Summary: We are set free - to the truest kind of liberty.


Galatians 5:1; Galatians 5:13-26.

Paul established the contrast between bondage and freedom by the use of an allegory concerning Hagar and Sarah, and their respective sons (Galatians 4:22). When we are born into this world, we are born into bondage to the corruption of this world. When we are born again, it is into liberty and freedom (cf. Romans 8:21).

It is for liberty, freedom, that Christ has set us free (Galatians 5:1). Our consciences are set free from the guilt of sin, and our lives released from the tyranny of the law. This is the truest kind of freedom. In this liberty we must stand fast, and not submit again to the yoke of slavery.

Christians are citizens of the heavenly Jerusalem (Galatians 4:26). Citizens, not slaves. Why then should we wish to return into slavery to a law which has not redeemed us (Galatians 3:3)?

Christians are called to liberty, freedom (Galatians 5:13-15). Yet we are not to use our freedom as a pretext to indulge in carnal passions. Instead we are to operate within the context of Christ’s Law of love, serving one another rather than seeking service.

However, there is a battle going on within us (Galatians 5:17). This is why we must “walk in the (Holy) Spirit”: to which imperative is added a promise, “and ye shall not fulfill the lusts of the flesh” (Galatians 5:16). If we are thus “led by the (Holy) Spirit” then neither our former sinful nature nor the externals of the Law have any further hold over us (Galatians 5:18).

Yet the battle is real, nevertheless. The “works” of the flesh (Galatians 5:19-21) are set over against the “fruit” of the Spirit (Galatians 5:22-23). “Works” is plural, as being divisive; “fruit” is singular, as being harmonious (cf. Matthew 6:22; Acts 2:46).

The list of vices is not exhaustive: Paul ends it with, “and things like these” (Galatians 5:21). “As I warned you before,” he concludes, “those who (habitually) do such things shall not inherit the kingdom of God.” ‘Put them to death!’ he says elsewhere (Colossians 3:5-6).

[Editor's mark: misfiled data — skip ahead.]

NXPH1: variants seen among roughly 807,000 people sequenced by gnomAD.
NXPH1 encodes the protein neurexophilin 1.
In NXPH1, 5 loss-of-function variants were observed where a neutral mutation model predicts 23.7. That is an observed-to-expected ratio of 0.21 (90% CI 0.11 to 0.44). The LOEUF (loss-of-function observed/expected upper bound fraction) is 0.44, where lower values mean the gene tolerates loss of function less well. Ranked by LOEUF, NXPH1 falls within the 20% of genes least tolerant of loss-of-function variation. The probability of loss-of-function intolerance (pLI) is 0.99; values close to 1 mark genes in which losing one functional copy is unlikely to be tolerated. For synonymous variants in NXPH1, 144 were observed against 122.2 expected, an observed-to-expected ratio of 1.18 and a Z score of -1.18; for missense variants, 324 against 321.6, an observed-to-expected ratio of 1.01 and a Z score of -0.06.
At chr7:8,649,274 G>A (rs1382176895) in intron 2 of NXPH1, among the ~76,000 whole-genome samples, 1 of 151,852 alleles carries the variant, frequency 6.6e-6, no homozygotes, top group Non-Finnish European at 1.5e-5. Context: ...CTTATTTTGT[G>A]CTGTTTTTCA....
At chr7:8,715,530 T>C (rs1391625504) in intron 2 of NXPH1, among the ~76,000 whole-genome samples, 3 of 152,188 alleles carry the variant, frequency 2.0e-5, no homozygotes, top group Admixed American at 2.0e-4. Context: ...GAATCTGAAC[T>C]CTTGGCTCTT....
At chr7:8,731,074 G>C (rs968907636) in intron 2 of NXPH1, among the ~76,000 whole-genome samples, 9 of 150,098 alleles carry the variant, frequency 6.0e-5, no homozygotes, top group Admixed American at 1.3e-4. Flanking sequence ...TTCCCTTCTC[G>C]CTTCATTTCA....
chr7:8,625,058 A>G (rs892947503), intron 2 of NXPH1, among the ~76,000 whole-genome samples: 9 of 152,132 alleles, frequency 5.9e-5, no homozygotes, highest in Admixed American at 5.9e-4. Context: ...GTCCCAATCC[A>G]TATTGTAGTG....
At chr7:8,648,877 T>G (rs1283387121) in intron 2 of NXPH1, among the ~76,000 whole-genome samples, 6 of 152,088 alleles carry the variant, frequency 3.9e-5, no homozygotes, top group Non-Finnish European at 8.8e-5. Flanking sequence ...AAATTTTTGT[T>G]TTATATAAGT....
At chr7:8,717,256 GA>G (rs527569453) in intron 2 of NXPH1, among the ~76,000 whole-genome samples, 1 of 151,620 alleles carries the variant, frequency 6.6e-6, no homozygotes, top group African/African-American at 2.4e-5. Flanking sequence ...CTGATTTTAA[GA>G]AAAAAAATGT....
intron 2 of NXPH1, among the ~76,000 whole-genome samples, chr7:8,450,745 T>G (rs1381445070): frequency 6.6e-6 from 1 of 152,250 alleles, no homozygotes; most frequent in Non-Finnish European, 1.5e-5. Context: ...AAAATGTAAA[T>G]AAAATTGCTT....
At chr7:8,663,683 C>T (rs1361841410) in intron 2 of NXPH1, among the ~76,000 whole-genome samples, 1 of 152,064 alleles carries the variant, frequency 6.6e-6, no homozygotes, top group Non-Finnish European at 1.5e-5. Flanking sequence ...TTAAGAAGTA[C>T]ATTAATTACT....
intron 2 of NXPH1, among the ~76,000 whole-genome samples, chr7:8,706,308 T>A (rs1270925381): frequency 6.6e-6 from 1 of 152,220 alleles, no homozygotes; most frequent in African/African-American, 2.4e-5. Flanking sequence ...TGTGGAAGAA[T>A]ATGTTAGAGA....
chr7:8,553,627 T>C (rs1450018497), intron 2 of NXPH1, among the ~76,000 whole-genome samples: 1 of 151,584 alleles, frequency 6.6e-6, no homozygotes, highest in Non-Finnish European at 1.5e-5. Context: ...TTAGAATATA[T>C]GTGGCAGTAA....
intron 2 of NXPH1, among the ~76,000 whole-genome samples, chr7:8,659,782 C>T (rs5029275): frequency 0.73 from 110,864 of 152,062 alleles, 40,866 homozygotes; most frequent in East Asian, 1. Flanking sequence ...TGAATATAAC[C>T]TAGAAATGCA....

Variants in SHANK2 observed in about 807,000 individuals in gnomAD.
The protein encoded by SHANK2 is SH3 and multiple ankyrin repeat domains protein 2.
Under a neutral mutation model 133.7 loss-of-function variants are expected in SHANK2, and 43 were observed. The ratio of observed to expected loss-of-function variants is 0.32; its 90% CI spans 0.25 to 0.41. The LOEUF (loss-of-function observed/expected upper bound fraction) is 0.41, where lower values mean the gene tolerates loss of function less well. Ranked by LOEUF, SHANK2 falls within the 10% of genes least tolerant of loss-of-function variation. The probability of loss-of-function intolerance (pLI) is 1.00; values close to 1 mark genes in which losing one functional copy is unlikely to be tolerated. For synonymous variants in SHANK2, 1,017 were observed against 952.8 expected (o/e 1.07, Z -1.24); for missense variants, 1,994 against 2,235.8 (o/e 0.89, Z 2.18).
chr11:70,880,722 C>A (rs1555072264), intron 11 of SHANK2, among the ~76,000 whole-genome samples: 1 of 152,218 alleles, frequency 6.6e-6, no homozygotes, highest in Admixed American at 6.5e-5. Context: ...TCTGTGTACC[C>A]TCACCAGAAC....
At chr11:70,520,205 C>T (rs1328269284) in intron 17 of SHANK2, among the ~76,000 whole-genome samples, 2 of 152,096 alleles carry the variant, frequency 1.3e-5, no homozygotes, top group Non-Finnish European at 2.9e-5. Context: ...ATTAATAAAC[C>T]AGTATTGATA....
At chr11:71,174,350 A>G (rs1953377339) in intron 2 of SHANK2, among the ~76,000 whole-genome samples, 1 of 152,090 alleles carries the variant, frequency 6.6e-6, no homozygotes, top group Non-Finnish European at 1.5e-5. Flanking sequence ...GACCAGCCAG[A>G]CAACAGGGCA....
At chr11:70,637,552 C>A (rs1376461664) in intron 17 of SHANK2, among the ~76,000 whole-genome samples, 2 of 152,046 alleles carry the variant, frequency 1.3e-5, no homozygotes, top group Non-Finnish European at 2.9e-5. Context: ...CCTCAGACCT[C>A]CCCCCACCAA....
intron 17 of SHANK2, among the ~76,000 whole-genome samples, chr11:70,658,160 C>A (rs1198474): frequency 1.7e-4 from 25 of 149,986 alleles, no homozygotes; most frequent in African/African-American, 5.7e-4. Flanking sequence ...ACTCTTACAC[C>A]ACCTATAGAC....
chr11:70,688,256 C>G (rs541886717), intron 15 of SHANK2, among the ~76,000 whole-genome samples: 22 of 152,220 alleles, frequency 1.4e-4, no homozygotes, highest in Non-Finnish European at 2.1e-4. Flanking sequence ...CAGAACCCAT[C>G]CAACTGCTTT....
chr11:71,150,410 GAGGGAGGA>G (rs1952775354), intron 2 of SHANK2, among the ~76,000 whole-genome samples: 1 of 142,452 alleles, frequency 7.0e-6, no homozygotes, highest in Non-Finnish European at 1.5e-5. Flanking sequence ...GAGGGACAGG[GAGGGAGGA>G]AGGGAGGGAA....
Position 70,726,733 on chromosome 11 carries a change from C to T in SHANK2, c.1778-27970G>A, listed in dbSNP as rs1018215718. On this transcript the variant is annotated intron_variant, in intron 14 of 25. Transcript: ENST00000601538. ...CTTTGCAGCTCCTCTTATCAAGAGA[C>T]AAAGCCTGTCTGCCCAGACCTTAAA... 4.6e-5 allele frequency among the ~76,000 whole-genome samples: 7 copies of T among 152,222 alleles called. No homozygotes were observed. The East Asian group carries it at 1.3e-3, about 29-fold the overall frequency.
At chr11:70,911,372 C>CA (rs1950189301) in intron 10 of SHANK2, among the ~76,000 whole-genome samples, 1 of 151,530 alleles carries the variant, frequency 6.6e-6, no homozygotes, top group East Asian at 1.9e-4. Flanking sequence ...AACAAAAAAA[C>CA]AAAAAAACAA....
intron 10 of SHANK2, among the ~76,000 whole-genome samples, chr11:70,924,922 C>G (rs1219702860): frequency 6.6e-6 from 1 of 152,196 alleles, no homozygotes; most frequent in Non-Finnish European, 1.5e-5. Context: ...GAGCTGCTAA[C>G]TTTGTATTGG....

By contrast, the fruit which is cultivated in the life of the Spirit-led Christian needs no restraint: for “against such things there is no law” (Galatians 5:23). This fruit-bowl is not a lucky dip but is the very definition of Christian character.

1. Agape “love”, reflecting God’s love for us: love for Him, love of His, and love for others.

2. “Joy” in the Holy Spirit (Romans 14:17).

3. “Peace” with God through the Lord Jesus Christ (Romans 5:1), peace within ourselves, peace with one another.

4. “Long-suffering” - including patience even towards those who aggravate or persecute us.

5. “Kindness” which brings an unselfish smile even out of the midst of pain.

6. “Goodness” which manifests itself in words and deeds.

7. “Faith” speaks of faithfulness, a trustworthy character.

8. “Meekness” is not weakness, but strength under control.

9. “Self-control” brings composure in the midst of the temptations of life.

In Galatians 2:20 Paul spoke in the passive voice of having been ‘crucified with Christ’ (cf. Romans 6:6). In Galatians 5:24, however, Paul speaks of those who are Christ’s having themselves “crucified the flesh with its passions and lusts.” We may not passively await the Holy Spirit’s work but must also decisively act upon it ourselves (Romans 8:13).

However, we cannot do this on our own: so, thank God for the Holy Spirit! “If we live in the Spirit, let us also walk in the Spirit” (Galatians 5:25). The Greek word for “walk” here is different from the one previously used. Here it speaks of our deliberately ‘getting in line with’ the Holy Spirit’s leading in our lives.

In the final verse of the chapter, Paul effectively warns us of the danger of getting out of step with the Spirit. Don’t be conceited, he says (which is “vain glory”); don’t provoke one another (which is to trip one another up); and don’t envy one another (Galatians 5:26).

We are who we are in Christ Jesus (1 Corinthians 15:10). Let us each thus run the race that is set before us (Hebrews 12:1).

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